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Viswanathan Anand vs Vladimir Kramnik
London Chess Classic (Knockout) (2013) (rapid), London ENG, rd 1, Dec-14
Tarrasch Defense: Symmetrical Variation (D32)  ·  0-1



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Kibitzer's Corner
Dec-15-13  Jigsaw42: A cold blooded outplay.
Dec-15-13  Hesam7: It is amazing how much better Black is after 14...Bb7.

White probably should have tried 17 Bh7 Kh8 18 Qb1 Nb4 19 ab4 Bb4 20 Ke2 f5 21 Bf5 ef5 22 Qf5

click for larger view

Although Black still has a big, if not winning, advantage here.

Dec-15-13  micartouse: I often get these positions, and OTB I would regard 7. dxc5, 10. Qc2, and 11. Rd1 as "bad" because I'm biased to thinking Black's setup is the right way to do it. But it's nice to see a high level example. 18 ... a5 surprised me.
Dec-15-13  fgh: The opening is very close to Rotlewi vs Rubinstein, 1907.

Funny that Anand got himself into such a bad position out of the opening, as he pointed out similarities between the Rubinstein game and Aronian vs Anand, 2013.

Dec-15-13  Marmot PFL: Good example of playing for a draw with white (to get to blitz chess) and playing too passively. Got a symmetrical position down several tempi.
Dec-15-13  csmath: <Hesam7: It is amazing how much better Black is after 14...Bb7. White probably should have tried 17 Bh7 Kh8 18 Qb1 Nb4 19 ab4 Bb4 20 Ke2 f5 21 Bf5 ef5 22 Qf5>

Since you have a Houdini line then you should know that evals are exactly 0.00.

For example:

22. ...Be4
23. Rxd8 Rxd8
24. Qh3 Kg8
25. Rd1 Rxd1
26. Kxd1 Qd8
27. Bd4 Qd5
28. Qc8+ Kh7
29. Qh3+

looks like a draw by repetition.

I think black has nice attacking position by my engine fails to find any advantage.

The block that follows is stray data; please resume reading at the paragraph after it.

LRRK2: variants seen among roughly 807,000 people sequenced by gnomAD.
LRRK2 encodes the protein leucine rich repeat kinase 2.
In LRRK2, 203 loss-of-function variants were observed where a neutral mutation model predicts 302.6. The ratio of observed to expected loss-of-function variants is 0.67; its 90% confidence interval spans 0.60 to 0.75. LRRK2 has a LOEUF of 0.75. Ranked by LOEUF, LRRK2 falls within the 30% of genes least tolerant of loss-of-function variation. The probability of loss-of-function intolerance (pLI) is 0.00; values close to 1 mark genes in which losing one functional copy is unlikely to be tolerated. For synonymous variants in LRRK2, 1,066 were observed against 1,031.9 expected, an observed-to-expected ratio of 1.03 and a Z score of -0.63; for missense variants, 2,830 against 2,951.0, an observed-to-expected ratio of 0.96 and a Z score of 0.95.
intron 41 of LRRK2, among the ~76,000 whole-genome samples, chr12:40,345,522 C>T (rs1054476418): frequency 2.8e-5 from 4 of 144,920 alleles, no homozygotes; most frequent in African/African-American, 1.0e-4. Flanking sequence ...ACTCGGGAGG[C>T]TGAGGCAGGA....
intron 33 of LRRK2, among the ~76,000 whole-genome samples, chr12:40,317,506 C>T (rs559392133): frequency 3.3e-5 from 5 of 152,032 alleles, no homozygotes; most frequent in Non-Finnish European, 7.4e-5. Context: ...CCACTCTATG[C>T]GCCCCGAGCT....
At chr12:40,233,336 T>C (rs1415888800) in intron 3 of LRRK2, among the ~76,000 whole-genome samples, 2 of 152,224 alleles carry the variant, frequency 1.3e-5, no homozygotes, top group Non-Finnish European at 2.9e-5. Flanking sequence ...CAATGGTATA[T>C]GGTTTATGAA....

Kramnik's 14. ...Bb7 is a new move here (?), it is perfectly natural and does not look like preparation but who knows.

Dec-16-13  Ulhumbrus: 7 dxc5 loses a tempo for development, and Black's king's bishop has not lost a tempo yet by going to e7. When Kramnik plays 12...dc however White's bishop has lost a tempo by going to e2.

The result is that after 14 Bd3 White has passed the advantages of the first move to Black.

In addition to this White's queen is placed worse on c2 than Black's queen is placed on e7 and whereas White has played the wrong rook rook to d1, Black has lept his queen's rook free to develop to c8 by moving his king's rook to d8.

The move 12 Be2 seems inconsistent with 11 Rd1. Why did White play 11 Rd1 if not to isolate Black's d pawn by 12 cxd5?

Perhaps Anand aimed for a position where Black had often got into trouble after dxc5. However in those games perhaps Black has been the one who has played the pawn capture ...dc first, as in the queen's gambit accepted.

Dec-16-13  Marmot PFL: Even so white is OK if black misses the clever 23...b4!, which it seemed the announcers both missed.
Premium Chessgames Member
  Natalia Pogonina: Annotations by GM Balogh:
Jan-15-14  john barleycorn: I found it funny when Anand in his video commentary to Aronian vs Anand, 2013 says something like "If you know your classics...>
Apr-02-18  whiteshark: <D32> It should indeed re-classified to <D40>


May-13-22  BentOuttaSmyslov:

click for larger view

This position after 23.Qxb2 is a puzzle in the warm up section of the book Chess Calculation Training: Middlegames (Vol. 1) by Romain Edouard. I gave the puzzle to a couple of my students this week.

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